Twenty-two African countries are facing catastrophic food shortages, according to the United Nations Food and Agriculture Organization. The agency reports “the worst drought for a century” is parching most of southern Africa. Even usually wet countries are dry. Edouard Saouma, director of the organization, warns that unless aid arrives in Africa, people will be forced to eat seed saved for next year’s crop. Saouma cited extreme population growth and weak governments as contributors to the crisis.

Led by its Socialist majority, Spain’s Parliament has voted to legalize abortion in certain cases. Implementation is being delayed by Spain’s Popular Alliance Party, which has challenged the bill in constitutional court. The proposed legislation allows abortion in cases of rape, malformation of the unborn, or danger to the life of the woman. The Catholic church has campaigned against the measure since it was presented by the Socialists in May.

Archaeologists in Jerusalem have unearthed an ancient stone stairway that some scholars think is the path Jesus took to the Garden of Gethsemane. The stairway runs down the eastern slopes of Mount Zion from the Church of Saint Peter-in-Gallicantu to the Pool of Siloam. It has been buried since the Romans destroyed Jerusalem in A.D. 70.

One million people in Great Britain stopped attending church in the decade of the seventies. About a thousand churches were closed, and the number of clergy dropped by 2,500. This is based on a census conducted from 1975 to 1979 by the organization Nationwide Initiative in Evangelism. The rate of decline was lower in the second half of the decade. The census revealed that churches with between 50 and 100 members were most likely to grow.

Evangelist Luis Palau took a break from a recent two-month campaign in London to speak to some 20.000 Dutch youth about human sexuality. Palau went to the Netherlands at the urging of Dutch evangelical leaders who are concerned about increasing sexual permissiveness in their country. Palau believes that the massive youth rally at which he spoke, combined with the recent success of Billy Graham’s conference for itinerant evangelists, has laid a solid foundation on which to build a national evangelistic campaign in the Netherlands.

Persecution of Christians in South India is on the rise, according to reports that have filtered in to the distribution agency Bibles for India. Radical Hindu groups are responsible for the harassment. Though most of it is verbal, some churches have been burned and some Christians killed.

Baptist church leaders in Italy have launched an effort to identify their church doctrine and purpose. At the first Ecclesiological Congress of the Baptist Union of Italy, church representatives adopted several recommendations calling for a clarification of purpose and a plan for cooperation and propagation of their faith.

Last winter, Alabama Federal Court Judge W. Brevard Hand surprised many constitutional lawyers by ruling, in effect, that federal courts—including the U.S. Supreme Court—have no say over whether school children may pray in public schools (CT, June 17, 1983, p. 24).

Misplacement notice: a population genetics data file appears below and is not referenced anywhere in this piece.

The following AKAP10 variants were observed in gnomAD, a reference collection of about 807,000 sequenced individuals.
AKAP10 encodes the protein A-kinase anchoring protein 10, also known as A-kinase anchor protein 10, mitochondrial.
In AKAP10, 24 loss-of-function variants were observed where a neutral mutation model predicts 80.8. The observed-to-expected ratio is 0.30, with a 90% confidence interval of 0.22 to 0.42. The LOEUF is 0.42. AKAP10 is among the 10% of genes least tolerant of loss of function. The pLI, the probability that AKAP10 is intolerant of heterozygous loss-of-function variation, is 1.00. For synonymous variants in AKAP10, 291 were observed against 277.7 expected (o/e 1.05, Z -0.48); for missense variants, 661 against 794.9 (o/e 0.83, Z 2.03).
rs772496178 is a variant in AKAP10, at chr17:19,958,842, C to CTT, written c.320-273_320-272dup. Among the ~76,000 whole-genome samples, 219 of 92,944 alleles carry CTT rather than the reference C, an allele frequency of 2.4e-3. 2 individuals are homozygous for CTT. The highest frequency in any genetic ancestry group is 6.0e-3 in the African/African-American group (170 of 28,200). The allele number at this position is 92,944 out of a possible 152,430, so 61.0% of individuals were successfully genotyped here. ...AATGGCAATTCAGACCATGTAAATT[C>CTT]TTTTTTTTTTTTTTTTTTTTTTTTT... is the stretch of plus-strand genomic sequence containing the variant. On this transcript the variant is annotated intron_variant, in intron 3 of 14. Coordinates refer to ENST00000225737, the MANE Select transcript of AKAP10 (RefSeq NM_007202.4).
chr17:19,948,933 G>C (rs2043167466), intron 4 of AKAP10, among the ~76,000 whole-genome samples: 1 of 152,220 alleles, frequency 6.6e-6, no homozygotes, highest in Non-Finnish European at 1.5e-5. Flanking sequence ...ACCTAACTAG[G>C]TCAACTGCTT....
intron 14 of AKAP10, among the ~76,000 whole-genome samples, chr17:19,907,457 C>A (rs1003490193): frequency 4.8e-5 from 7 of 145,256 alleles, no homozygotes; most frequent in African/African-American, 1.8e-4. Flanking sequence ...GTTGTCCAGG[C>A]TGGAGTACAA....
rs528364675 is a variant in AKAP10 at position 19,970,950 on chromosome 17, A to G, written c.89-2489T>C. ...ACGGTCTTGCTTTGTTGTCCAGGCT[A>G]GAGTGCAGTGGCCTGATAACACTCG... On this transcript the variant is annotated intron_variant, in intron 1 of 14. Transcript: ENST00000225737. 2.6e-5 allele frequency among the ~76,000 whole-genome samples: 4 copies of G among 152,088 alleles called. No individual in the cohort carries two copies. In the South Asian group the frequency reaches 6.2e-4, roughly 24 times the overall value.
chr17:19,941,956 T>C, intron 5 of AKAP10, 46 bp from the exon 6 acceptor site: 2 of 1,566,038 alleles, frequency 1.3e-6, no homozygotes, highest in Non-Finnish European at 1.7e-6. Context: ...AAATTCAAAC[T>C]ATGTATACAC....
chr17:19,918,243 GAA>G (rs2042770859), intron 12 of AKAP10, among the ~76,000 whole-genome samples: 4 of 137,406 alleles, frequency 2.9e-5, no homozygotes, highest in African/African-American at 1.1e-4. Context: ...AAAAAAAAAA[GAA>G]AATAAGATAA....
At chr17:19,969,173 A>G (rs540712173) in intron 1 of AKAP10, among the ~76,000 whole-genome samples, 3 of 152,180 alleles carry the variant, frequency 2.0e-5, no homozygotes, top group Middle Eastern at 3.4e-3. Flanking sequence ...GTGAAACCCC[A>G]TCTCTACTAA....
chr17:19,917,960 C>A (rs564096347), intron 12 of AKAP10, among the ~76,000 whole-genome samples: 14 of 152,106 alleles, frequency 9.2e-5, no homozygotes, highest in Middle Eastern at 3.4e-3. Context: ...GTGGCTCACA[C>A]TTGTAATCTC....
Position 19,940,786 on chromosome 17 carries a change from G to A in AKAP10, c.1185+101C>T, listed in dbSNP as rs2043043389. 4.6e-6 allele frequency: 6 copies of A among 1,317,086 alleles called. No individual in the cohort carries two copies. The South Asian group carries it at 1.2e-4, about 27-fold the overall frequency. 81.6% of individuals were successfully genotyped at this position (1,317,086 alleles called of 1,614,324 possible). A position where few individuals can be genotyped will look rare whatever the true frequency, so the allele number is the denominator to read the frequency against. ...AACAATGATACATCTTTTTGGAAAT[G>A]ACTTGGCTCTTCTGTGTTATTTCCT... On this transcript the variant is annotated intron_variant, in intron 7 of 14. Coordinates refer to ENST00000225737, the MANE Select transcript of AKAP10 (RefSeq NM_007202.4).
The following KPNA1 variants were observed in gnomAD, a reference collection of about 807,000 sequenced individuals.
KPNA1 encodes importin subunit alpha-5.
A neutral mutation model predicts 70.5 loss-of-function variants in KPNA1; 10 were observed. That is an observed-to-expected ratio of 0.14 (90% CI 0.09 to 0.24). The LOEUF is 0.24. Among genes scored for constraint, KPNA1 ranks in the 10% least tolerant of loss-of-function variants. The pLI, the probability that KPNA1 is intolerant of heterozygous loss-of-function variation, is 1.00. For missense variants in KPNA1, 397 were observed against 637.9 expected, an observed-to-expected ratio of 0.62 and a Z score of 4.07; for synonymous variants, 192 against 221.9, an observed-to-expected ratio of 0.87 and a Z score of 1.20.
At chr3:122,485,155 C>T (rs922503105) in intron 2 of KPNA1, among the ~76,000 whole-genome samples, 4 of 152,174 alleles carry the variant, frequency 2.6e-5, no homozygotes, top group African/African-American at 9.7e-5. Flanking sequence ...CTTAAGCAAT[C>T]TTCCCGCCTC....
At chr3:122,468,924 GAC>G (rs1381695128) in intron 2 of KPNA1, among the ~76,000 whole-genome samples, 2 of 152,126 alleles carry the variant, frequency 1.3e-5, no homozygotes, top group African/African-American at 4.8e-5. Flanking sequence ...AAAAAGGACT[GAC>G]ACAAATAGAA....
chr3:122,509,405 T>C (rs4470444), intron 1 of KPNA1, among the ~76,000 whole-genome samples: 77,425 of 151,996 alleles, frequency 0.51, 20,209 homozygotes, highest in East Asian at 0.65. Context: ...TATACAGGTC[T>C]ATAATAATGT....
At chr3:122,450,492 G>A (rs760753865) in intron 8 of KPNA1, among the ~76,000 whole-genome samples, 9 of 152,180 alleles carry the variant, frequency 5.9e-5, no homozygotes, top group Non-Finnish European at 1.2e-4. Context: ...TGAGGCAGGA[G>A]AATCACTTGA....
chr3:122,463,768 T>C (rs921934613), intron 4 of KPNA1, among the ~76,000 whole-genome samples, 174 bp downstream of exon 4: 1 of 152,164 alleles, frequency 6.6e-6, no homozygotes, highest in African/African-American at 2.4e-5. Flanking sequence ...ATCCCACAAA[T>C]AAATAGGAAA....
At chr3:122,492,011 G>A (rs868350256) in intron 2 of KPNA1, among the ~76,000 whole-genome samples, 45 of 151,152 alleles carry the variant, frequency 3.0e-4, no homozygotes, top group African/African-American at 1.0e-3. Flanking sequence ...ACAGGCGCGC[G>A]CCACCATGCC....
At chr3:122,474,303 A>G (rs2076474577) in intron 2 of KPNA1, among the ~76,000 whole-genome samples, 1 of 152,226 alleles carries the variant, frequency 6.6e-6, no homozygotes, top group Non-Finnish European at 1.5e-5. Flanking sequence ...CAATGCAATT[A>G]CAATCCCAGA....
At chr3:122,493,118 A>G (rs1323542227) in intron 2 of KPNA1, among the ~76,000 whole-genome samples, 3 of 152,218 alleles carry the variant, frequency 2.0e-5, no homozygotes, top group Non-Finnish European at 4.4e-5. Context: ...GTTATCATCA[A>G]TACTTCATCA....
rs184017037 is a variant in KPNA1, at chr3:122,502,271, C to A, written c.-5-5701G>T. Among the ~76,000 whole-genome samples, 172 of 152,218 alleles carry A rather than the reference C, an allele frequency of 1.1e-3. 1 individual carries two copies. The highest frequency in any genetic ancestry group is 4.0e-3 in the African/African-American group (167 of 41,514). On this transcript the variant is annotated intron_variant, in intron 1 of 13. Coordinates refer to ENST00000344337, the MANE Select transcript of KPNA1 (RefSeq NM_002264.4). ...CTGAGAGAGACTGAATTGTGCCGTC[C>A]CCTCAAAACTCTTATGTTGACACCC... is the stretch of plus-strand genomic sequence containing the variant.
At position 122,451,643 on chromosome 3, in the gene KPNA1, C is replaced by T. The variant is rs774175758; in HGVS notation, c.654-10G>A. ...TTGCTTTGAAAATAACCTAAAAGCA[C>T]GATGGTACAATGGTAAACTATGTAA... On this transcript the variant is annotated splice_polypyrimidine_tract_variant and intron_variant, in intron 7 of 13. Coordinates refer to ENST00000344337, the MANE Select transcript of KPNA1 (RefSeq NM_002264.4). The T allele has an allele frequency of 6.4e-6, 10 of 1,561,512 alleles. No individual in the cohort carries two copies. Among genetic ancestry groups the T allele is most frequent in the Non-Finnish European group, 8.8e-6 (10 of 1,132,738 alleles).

Hand’s “state’s rights” decision directly challenged decades of legal precedent that applies First Amendment protections to the states (the First Amendment actually says only that Congress, not the states, is prohibited from establishing religion).

A federal appeals court overruled Hand and ordered him to issue an injunction against school prayer. Hand was slow to act, but now he has finally issued the order.

Nonetheless, Mobilians who favor school prayer are refusing to yield to the spirit of the appeals court decision. They insist on a narrow reading of Hand’s injunction that gives them almost as much latitude as they have always had. Ishmael Jaffree, the agnostic who filed the original suit so his children would not have to pray in class, is now suing Mobile school board president Dan Alexander for contempt of court.

Hand’s injunction specifically prohibits classroom use of a prayer composed by former Governor Fob James’s son, as well as the Lord’s Prayer and a rhyming lunchtime grace, “God is great, God is good, let us thank him for our food.” Alexander, whose term as school board president ends this month, circulated a copy of Hand’s order with a letter telling school teachers what they must not say in class. “Obviously I’m implying that whatever else they might pray has not been enjoined,” Alexander said. “The court could easily have given an all-encompassing injunction, but didn’t. Hand did exactly what the circuit court asked and no more.”

While Alexander awaits his contempt hearing because of this alleged “end-around,” the school board is appealing the case to the U.S. Supreme Court. It is there that organized prayer and Bible reading in schools has been declared unconstitutional in cases dating from the early 1960s. Whether the Court will agree to hear arguments regarding the extent of its own jurisdiction is not known. If the case is accepted, it may prove to be one of the most intriguing assaults on the presumed “wall of separation” between church and state in many years.

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